過往與當下的景觀:透過能量成形的畫作

Landscapes of the Past and the Present Drawn with Energy

文/金庭洛(韓國放送通訊大學文化教養學系教授)

By Kim Jung-rak (Professor of Department of Culture and Liberal Art, Korea National Open University)

“起初,能量充滿大地(Im Anfang war die Kraft)。”

歌德,《浮士德》

 

詩意繪畫

 

如同唐宋詩人在杭州西湖河畔的月光下飲酒時所創作的詩詞,張秦的作品也充滿一股詩意的感性情懷。

 

張秦的作品表達一股充滿詩意的氛圍,有時帶點敘事性,但大多給人史詩般的壯闊之感。張秦的畫作並不是傳統畫作形式或東洋畫的延續,而是自成一格的水墨風格。張秦將水墨手法融入單刷版畫,作品雖然看似由畫筆所描繪,但實際上是直接以雙手作畫或利用各種創作過程中的機緣與巧合。這樣的技法使得張秦的作品表現出一種自由奔放的風格,富有如同流水一般的活力與生命力。同時,張秦的創作手法也反映了西方藝術中獨特的破壞性,這項特質在二十世紀初期開始出現於藝術家的作品中,而此種風格延續至抽象表現主義時末期。然而,這並不表示張秦的作品充斥著西方文化中的暴力美學;張秦對於感性的追求與中國傳統詩人的特質是較為接近的。然而,張秦在創作過程中並不妥協自我,也不提倡東道西器等各種抽象理論。反之,張秦的作品之所以被歸類為東方繪畫,不是因為其在大學時期所受的教育,亦非其所選擇使用的繪畫工具,比如遠東繪畫中經常出現的墨條與岩石粉末,更不是因為張秦如五世紀中國作家與藝術史學家謝赫在《古畫品錄》中所描述的畫作鑑賞條目,以現代手法重新詮釋了深度精神含義或活力。張秦被歸類為東方畫作的畫家,是因為其觀看與表達周遭世界的方式,挑戰了東方傳統哲學中認為畫作應表現的理想世界。張秦透過實際的手法探索此信念而創作的作品,同時保存了此概念與議題的哲學深度。

 

通往感官之道

 

在此時期,受情感啟發的藝術主題常常被理性思維貶低。對許多當代藝術家而言,特別是關注物理世界與客體的理性認知之間的關係的創作者,情感僅是作品的調味劑,而非主體。然而,在張秦的作品中,情感扮演了純粹又重要的角色。張秦2009年於韓國錦湖美術館舉辦的個展名稱為《動人》,其中展示了藝術家透過感性所獲得的認知,而不是理性詮釋後的結果。

 

然而,單單以情感定義張秦的創作起源是不足夠的(此情感概念雷同於感官)。藝術家在此延用了「理解」(德文為verstand)的觀念,此為由十八世紀德國觀念論哲學家康德理念所延伸的人智學,主張人對於知識的獲取係依靠內化的、先天的判斷,而非理性認知。此種先天的判斷是純粹而直接的(德文為ding an sich,中文為「物自身」),換言之就是啟蒙的概念。啟蒙位於感知階級的頂端,其他層級包含了理性、情感等。在這樣的背景之下,張秦的“動人”展在知識論的層面詮釋了藝術家與客體之間、甚至是作品與觀者之間的關係。

 

奠基於知識的感知過程中,張秦尤強調感官領域,並建立了一個視覺與觸覺的世界。這些感官系統先於思考(感知、記憶、與理性思維),而藝術家為觀者提供了可運用這些感官自行解讀作品的空間,而非介入觀者的解讀過程。當然,其他藝術家也以類似的手法創作作品,但張秦的獨特之處在於其讓觀者盡可能有充分的思考空間。

 

由能量成形的景觀

 

張秦的風景作品在畫布上呈現個人內心與記憶中的景觀。這些作品不是自然界的臨摹,沒有特定的形象,在作品中也不具有明確的外形輪廓。事實上,人們觀看風景的方式自塞尚之後就產生了轉變。此外,張秦以當代手法所描繪的東方畫作風格,表現的也不是內心的景觀,而是以自己身體的原始感官作為感知途徑,創作出既抽象又寫實的作品。張秦作品的核心精神在於從能量的角度解讀風景畫。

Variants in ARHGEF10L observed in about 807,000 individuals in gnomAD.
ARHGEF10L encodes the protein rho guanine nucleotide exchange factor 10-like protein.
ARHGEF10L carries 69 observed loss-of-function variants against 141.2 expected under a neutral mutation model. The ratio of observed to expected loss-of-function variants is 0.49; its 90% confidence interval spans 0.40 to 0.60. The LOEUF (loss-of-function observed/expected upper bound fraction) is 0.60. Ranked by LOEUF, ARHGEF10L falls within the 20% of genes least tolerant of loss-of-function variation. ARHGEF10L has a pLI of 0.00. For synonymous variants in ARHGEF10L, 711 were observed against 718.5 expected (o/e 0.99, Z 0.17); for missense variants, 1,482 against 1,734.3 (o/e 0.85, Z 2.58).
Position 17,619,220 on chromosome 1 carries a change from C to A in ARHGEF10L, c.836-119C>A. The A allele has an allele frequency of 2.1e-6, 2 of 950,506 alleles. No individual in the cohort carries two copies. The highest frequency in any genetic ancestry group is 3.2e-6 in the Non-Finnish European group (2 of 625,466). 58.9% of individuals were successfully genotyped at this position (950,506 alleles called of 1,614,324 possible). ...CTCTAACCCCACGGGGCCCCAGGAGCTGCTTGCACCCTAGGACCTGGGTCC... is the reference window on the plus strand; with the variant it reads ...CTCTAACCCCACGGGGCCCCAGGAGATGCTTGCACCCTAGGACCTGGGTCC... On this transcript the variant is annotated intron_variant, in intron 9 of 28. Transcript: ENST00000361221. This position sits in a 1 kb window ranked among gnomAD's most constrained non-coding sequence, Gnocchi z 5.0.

張秦在創作的過程中,往往在挑選描繪對象後以直接的手法將其刻畫於所處的空間中。這時張秦不僅依據視覺感官作為創作線索,同時也以整個身體體會所描繪的對象。也許這也是為什麼張秦總是不採用具象、寫實的表達方式。如同前面所提到的「理解」(德文的verstand),張秦不僅以雙眼觀察創作對象,更以整個身體體會景觀所帶來的感受。就像歌曲《月光漫舞》的歌詞所述,敏銳的藝術家與周遭景觀共舞,讓自己成為情感的吸收體,用感官的觸角感知周圍細微的律動,進而將其轉化為創作中的景觀與歷史主題。張秦在自己的工作室中將各式形式的能量從觸角(或身體)中釋出;某種程度而言,張秦的作品具有抽象表現主義藝術家的風格。舉例而言,傑克遜・波洛克透過滴落在畫布上的顏料,表現內心衝動透過無意識被釋放的過程。像這樣的創作類型,藝術價值有很大一部分取決於一股近似美國印第安人儀式性的過程,或者是達達主義運動後所形成的自動主義。此種即興、隨性、又直接了當的抽象表現主義手法源自古代禪宗傳統。波洛克深受這樣的手法吸引,也因此受啟發創造了自身的繪畫手法。同樣的,張秦在創作中也使用了類似的手法。雖然波洛克將此種創作手法與自身的衝動連結在一起,張秦將自己的技法歸因於自然環境中的能量,並視自己的畫作為一種精神上的昇華。

 

從景觀到歷史

 

張秦在近期的創作中似乎將注意力從自然環境轉移至時間。張秦居住於仁川,近期的創作也關注仁川的歷史,仁川總是在他的心中留下深刻的印象。仁川人常說:「沒有所謂的仁川人」。十九世紀末,濟物浦成為仁川開放港口一帶的中心地區,從此仁川在日本殖民統治之下轉變為一個現代都市,也成為韓戰時期仁川登陸作戰計畫的歷史地點。仁川地區的建築仍保有殖民時期的色彩,與現代社會的消費文化並存。張秦的工作室位於仁川舊城的市中心,而他對於歷史的關注與詮釋正好與其對於景觀的描繪方式相符合,也就是注重歷史存留下來的輪廓以及概要。張秦並不將歷史整理為檔案或索引,反之,他將針對歷史的感受轉變成一種能量,表現在畫布之上。

 

張秦的畫作充滿現當代的特色,其中對於情感與自我抹滅的傳達一點也沒有淪為低廉的情感主義,然而卻反映了自身與觀者內心長久以來隱蔽的傷痛。當代藝術著重作品與過往的連結,這點也在張秦透過畫作而非文字所表達的歷史能量中顯現。

In the Beginning was the Energy (Im Anfang war die Kraft).

- Johann Wolfgang von Goethe’s Faust -

 

Poetic Painting

 

Like the poems by poets of Tang-Song Dynasties who wrote their poems while having a drink in West Lake Hangzhou in the moonlight, Jang Jin’s paintings are a collection of poetic sentiment.

Jang Jin’s paintings are poetic; a little bit lyric, but overall they are epic. This style of painting does not come from traditional ways and forms of Dongyangwha or Eastern painting. Jang Jin takes a unique approach to wash drawing on his own; he incorporates wash drawing techniques into printed paintings called monotypes. It looks like brush painting but he actually drew/painted with hand or relied on a coincidence to happen to complete his works. As a result, the touch is so free and unconstrained, which is suited to express vitality like flowing water. His painting techniques resemble the destructive form of modern Western art; he adopted the vandalistic attitude in art in the early 20th century, which lasted till the era of Abstract Expressionism. But that does not mean his canvas is overwhelmed by the aesthetics of violence in Western culture. His interest and sentiment is quite similar to of poets in the past. Nevertheless, he does not seek compromise or try to draw a conclusion ambiguously like in the theory of Eastern Way-Western Means.